Kefir: A fermented milk drink common in the Caucasus mountains in Soviet Georgia. Milk is cultured at room temperature with kefir grains that multiply and grow with each ferment. Here are some grains.
Kefir tastes like a tangy, slightly effervescent liquid-like yogurt. It has even more probiotics in it than yogurt. Where yogurt adds some good "bugs" to the gut, kefir colonizes the gut with a whole range. Here is a passage from the book Nourishing Traditions, by Sally Fallon that is quoting from the book The Body Ecology Diet:
Kefir is a cultured and microbial-rich food that helps restore the inner ecology. It contains strains of beneficial yeast and bacteria (in a symbiotic relationship) that give kefir antibiotic properties. A natural antibiotic--and it is made from milk! The finished product is not unlike that of a drink-style yogurt, but kefir has a more tart, refreshing taste and contains completely different organisms...kefir does not feed yeast, and it usually doesn't even bother people who are lactose intolerant. That's because the friendly bacteria and the beneficial yeast growing in the kefir consume most of the lactose and provide very efficient enzymes (lactase) for consuming whatever lactose is still left after the culturing process...kefir is mucous forming, but...the slightly mucous-forming quality is exactly what makes kefir work for us. The mucous has a clean quality to it that coats the lining of the digestive tract, creating sort of a nest where beneficial bacteria settle and colonize...
You know how you make kefir? You buy some kefir grains, throw the grains in a jar with some milk and every once in a while, as you walk through the kitchen, you swirl the jar. Let the jar sit overnight and the next day you have kefir. That's it!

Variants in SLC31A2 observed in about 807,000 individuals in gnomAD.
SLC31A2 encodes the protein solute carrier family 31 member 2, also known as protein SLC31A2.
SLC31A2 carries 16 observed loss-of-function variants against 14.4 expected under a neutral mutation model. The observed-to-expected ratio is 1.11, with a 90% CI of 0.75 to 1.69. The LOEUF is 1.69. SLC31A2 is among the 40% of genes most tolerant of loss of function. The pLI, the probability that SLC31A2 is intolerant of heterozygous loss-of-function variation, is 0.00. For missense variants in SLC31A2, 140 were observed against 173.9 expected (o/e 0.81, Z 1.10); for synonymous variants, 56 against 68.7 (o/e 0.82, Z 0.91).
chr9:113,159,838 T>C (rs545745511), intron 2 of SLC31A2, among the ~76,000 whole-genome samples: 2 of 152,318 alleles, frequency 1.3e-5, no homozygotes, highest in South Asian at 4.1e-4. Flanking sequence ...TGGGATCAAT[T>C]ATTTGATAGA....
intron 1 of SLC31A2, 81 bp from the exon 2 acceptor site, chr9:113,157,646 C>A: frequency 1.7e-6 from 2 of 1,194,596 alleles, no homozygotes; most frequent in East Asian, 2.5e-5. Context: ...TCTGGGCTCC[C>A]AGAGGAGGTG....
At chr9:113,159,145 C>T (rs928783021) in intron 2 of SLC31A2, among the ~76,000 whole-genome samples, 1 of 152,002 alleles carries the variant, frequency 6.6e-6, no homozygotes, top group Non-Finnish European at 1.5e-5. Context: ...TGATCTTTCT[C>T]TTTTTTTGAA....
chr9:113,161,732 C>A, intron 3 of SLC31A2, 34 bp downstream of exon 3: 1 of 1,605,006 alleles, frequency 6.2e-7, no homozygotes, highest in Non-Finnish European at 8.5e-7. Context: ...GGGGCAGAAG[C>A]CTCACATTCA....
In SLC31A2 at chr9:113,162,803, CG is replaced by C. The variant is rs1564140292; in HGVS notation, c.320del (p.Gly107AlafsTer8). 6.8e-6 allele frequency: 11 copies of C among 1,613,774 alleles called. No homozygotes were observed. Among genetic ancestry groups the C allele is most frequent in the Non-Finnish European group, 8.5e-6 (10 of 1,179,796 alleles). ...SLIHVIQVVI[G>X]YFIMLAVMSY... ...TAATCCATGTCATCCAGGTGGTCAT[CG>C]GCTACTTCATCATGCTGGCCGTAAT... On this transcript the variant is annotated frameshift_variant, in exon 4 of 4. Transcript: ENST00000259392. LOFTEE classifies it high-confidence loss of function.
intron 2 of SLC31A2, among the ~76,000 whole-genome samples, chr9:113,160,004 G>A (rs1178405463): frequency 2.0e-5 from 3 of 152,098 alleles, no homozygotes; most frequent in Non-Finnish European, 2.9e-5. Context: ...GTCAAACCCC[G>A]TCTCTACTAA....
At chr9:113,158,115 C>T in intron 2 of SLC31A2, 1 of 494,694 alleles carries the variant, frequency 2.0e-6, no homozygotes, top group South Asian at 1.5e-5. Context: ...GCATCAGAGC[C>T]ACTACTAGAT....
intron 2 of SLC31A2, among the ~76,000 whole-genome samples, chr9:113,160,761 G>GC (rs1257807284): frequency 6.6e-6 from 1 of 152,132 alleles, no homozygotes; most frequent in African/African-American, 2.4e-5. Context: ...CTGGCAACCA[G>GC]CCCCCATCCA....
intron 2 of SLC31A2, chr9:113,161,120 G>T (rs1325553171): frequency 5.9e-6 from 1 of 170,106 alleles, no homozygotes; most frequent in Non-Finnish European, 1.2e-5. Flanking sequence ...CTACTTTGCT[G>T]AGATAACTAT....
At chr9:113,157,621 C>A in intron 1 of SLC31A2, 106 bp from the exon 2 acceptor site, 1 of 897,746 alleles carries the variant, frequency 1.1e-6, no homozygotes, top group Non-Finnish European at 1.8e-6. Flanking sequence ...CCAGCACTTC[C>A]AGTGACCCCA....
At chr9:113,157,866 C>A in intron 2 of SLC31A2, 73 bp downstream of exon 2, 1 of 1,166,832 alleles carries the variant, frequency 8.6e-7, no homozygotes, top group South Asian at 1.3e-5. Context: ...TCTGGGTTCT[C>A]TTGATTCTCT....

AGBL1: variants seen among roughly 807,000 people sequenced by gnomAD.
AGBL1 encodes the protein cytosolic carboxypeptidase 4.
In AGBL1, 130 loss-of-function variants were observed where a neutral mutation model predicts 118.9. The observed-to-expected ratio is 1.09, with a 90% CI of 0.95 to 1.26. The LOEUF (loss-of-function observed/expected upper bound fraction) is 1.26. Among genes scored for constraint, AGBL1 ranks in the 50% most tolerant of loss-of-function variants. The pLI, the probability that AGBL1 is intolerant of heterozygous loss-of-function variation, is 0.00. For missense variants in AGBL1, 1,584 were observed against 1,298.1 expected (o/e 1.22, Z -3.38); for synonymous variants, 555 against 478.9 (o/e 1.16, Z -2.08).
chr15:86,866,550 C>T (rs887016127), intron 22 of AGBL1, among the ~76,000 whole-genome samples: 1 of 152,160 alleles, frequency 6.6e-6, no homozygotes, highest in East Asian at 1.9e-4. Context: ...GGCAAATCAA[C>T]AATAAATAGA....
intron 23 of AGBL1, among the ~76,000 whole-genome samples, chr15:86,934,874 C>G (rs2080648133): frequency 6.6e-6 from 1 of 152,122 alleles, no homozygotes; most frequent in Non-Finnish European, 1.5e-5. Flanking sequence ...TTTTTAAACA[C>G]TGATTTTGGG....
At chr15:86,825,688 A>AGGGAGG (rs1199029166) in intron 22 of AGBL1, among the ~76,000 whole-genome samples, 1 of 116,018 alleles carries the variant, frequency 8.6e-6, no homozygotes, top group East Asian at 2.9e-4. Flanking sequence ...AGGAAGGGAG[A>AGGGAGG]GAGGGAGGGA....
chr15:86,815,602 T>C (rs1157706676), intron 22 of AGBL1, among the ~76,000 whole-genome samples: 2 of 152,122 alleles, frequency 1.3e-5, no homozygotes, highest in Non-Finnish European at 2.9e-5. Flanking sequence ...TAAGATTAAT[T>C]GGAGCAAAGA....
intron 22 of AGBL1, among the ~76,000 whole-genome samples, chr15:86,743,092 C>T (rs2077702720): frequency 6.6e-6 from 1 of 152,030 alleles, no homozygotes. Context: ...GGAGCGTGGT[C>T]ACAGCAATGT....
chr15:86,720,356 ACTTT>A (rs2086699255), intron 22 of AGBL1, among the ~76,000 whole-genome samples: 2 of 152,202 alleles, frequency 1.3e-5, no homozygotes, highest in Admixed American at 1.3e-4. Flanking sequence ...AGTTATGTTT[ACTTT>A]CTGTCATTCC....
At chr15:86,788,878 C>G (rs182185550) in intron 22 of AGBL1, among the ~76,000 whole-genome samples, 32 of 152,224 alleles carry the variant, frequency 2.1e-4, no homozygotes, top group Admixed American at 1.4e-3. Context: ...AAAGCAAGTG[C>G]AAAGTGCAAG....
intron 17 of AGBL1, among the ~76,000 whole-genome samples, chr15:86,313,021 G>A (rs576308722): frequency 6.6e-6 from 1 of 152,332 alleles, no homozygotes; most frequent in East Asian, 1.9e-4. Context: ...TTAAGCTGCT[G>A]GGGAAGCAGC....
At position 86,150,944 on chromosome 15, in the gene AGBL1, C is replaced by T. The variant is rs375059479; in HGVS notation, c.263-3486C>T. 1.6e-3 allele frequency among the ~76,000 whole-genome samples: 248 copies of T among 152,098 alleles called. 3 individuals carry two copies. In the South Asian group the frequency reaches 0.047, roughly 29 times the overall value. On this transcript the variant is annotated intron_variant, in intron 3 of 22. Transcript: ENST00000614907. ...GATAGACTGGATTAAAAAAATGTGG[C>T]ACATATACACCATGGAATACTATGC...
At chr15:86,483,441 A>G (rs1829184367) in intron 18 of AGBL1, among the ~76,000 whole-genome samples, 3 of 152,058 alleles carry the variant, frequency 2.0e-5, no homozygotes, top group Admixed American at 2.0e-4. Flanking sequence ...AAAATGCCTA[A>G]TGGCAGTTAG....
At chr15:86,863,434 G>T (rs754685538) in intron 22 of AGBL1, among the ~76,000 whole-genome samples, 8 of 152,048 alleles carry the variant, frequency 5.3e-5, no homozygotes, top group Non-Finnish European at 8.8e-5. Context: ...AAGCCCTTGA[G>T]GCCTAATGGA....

Dom's Kefir site helps with information on how to make kefir, and what to do with it once you've made it.
A really great book, Wild Fermentation, by Sandor Katz also has information and recipes for cultured foods.
Why am I telling you all about kefir? After all, what does that have to do with trying to not buy anything new for a year? The thing about kefir is that the kefir grains multiply. You can buy some grains initially and then give away your extra grains as they multiply. And then those who have received your kefir grains will give away their extra, and they'll tell two friends, and so on, and so on, and so on. Perfect.
Here is a recipe for a kefir smoothie:
Into a blender throw in,
1/2 cup strawberries
1 to 1 1/2 cups orange juice
1 to 1 1/2 cups kefir
1 teaspoon vanilla
1 Tbsp. coconut oil
honey to sweeten
Blend. With any leftovers, you can pour into popsicle forms and have them later.
If you start doing any reading about cultured or fermented food, you find there is a rich history of it in almost every culture and that we, our bodies, are walking collections of microflora. Cultured food, like yogurt, kefir, kim chi, sour kraut all feed and introduce friendly microbes to help your digestion and immunity. You can support that inner ecology, the good bacteria, and build it up for your good health by eating cultured foods.
As Stephen Wright says, "Support bacteria - they're the only culture some people have."